I can keep going, but eventually I'll talk about how we could have awesome forests in Antarctica if we just plugged up the Drake Passage south of Tierra del Fuego and stopped the Antarctic Circumpolar Current. Of course, it would probably wreak havoc on South America, Southern Africa, and Australia in the process.

Cheers,
Benito

Scott Smith said...

Hey Benito,

The Borders store on Poplar carries a magazine entitled "Gourmet Traveller Wine" on a somewhat sporadic basis. It is published and distributed primarily for the Australia and New Zealand markets, and I've never seen it available anywhere else in town.

I have found it useful in understanding Australian wine from the Australian perspective. If you've not seen a copy, I highly recommend it.

Benito said...

Scott,

Thanks for the recommendation--I'll check it out!

Cheers,
Benito

Mark said...

Thanks for the more realistic updates on the Aussie wine regions. Frankly I haven't been impressed with the quality/price ratio for what I've been able to try here in the states. It does sound like they are more similar to Argentina, where the very best wines are consumed domestically and the left overs are exported.

The only problem with that occurs when exports start to fall as they are now with increased competition from Italy and Chile for market share.

Sean Mitchell said...

For what it's worth, if you are looking for Australian wines that are rated highly locally in Australia by the local wine press and wine consumers, I think probably the best place to start is the "Langtons classification" of top Oz wines which is free on their internet site. (http://www.langtons.com.au/Wine/ClassificationView.aspx). There are few wines on this list that don't at least have the capability of impressing. And there are not many good wines produced in Australia that aren't on this list. I hope more than a handful of them are available outside Oz!

Cheers

Sean Mitchell

Hieronymous said...

The thing to remember about Australian wine is the radical diversity of climate, soil and prevailing conditions that end up in the bottle. If you look at the map of Oz and drew a line through it halfway up then that's pretty well the limit of the wine-growing regions in Australia - not much decent is made north of that.

That still leaves a vast area where wine is made. The Barossa bakes in the summer; in Tasmania it's cool most year round. In WA the breeze off the Indian ocean cools the interior; in Mornington the hills are cooler than the hills and valleys of the Yarra Valley a couple of hours north of there - and so on.

Likewise soils range from the baked, sandy soils a stones throw from full-on deserts, to loamy soils rich in nutrients, and so on.

The reality of all this is that the same wine made in different regions of Australia will be different from one to the other. The Aussie shiraz, for example, is much more than the big, flavoursome drop it is reputed to be. Shop around and you'll find delicate, elegant shiraz, and shiraz lighter in style. Australian wine has been done a disservice by the exporters catering to generic markets and serving to them an homogeneous product of little distinction.

Living here it's exciting to see where Australian wine-making is going. In recent years a new generation of wine-makers exploiting new wine regions are making all manner of wines - from the traditional favourites to more interesting varieties like albarino, tempranillo, sangiovese, arneis, and adventurous blendings of others.

The fact of the matter is you're not likely to see a lot of that in your local bottle shop there - just as Californian wine is hard find here outside the occasional Zinfandel on a restaurant wine menu.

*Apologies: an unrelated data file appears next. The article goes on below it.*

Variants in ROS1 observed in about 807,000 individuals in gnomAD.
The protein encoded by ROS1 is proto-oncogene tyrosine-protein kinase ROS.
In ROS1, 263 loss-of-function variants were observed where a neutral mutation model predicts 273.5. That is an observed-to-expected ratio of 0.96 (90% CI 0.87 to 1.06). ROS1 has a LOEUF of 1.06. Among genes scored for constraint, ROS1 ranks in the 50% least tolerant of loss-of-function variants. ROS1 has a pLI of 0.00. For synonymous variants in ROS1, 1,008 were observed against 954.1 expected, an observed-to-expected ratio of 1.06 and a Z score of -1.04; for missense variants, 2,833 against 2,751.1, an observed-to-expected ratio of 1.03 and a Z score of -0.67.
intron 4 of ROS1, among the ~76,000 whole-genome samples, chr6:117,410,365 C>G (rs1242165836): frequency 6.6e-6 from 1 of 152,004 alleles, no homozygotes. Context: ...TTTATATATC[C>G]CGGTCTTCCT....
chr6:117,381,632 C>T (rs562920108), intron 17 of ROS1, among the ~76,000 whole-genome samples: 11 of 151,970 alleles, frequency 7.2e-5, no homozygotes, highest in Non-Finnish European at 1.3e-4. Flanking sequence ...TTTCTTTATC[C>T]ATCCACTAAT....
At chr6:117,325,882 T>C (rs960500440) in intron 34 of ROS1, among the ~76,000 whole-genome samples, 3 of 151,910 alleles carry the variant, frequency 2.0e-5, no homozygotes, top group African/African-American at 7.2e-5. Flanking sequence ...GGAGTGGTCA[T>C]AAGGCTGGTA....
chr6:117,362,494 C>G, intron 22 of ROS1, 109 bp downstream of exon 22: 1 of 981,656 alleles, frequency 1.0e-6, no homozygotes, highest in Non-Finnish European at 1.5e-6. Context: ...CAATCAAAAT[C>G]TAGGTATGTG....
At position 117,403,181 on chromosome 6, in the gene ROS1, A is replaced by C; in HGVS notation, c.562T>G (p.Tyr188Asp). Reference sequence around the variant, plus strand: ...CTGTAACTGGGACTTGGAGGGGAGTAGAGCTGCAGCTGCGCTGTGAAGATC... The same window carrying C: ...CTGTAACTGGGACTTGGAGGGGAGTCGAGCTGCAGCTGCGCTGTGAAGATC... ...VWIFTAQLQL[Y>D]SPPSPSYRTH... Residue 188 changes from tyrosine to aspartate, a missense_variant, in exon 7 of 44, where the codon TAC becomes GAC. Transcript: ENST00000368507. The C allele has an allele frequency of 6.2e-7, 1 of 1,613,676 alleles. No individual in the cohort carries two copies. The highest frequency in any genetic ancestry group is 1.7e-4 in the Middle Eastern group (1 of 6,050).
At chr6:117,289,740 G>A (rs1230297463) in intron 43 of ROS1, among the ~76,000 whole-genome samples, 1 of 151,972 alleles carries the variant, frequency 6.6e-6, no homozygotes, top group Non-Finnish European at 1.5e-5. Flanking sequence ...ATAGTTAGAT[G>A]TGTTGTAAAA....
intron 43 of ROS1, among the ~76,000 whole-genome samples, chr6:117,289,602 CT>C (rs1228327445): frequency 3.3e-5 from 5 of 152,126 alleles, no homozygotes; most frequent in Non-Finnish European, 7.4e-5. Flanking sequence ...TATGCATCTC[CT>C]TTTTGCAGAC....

Anonymous said...

Benito,

Granted there are some big deserts in Australia, but I take it that you meant that our wine regions are surrounded by them in a rather loose fashion. Most wine regions are at least 800+ kilometres from the nearest desert

I have seen very few US wines in stores over here. Names like Stags Leap and Opus One are seen occasionally, and I have seen the Ridge wines and a couple of others, but product from the US is fairly rare.

You are by no means alone there. It has really only been in the last 10 years that wine from Europe has really started to take off, particularly the last 3-4 as our dollar has strengthened and prices have improved.

Australian generally like to think they punch above their weight on the world stage, and so the focus in the last two decades has largely been on wines from here (and New Zealand although we don't like to mention this). This is changing as people realise there is a big world of wine out there.

However people overseas would do well to source out a bit of the wine that we make here that is rarely seen overseas (pretty much most of it, if overseas wine blogs are anything to go by). There are a massive range of styles and varietals, and some really good quality.

If you want a 'heads up' there is a site called Wine Front which does some pretty good reviews, and for a non subscription site try wino sapien (has some fantastic recipes too).

If you want some tips try

Hoddles Creek
Cape Mentelle
Taltarni
Sorrenberg
Dalrymple Estate
Heemskerk
Grosset
Tar & Roses
Clover Hill
Meerea Park

This is by no means exhaustive

Cheers

Julian

Benito said...

Hieronymous & Julian,

Thanks for the great info and responses, particularly to Hieronymous for triggering this whole discussion. I admit that I've made broad generalizations about Australian geography and climate, but we as a nation are painfully ignorant about the history and layout of the sunburnt country, and I wanted to take baby steps. Our view is mostly shaped by Crocodile Dundee, The Crocodile Hunter, and perhaps if you're a bit more sophisticated, Muriel's Wedding. Some might have even purchased a Midnight Oil CD in the 90s to appear socially conscious.

"Every Australian lives directly on the edge of the Outback, gets attacked by dangerous animals on a daily basis, and drinks Fosters lager in copious quantities." These ideas are why most Aussies in the US have a perpetually tired, slightly annoyed attitude.

I will keep an eye out for the wines and sources mentioned, and will continue my one-man crusade to educate myself about your continent.

Cheers,
Benito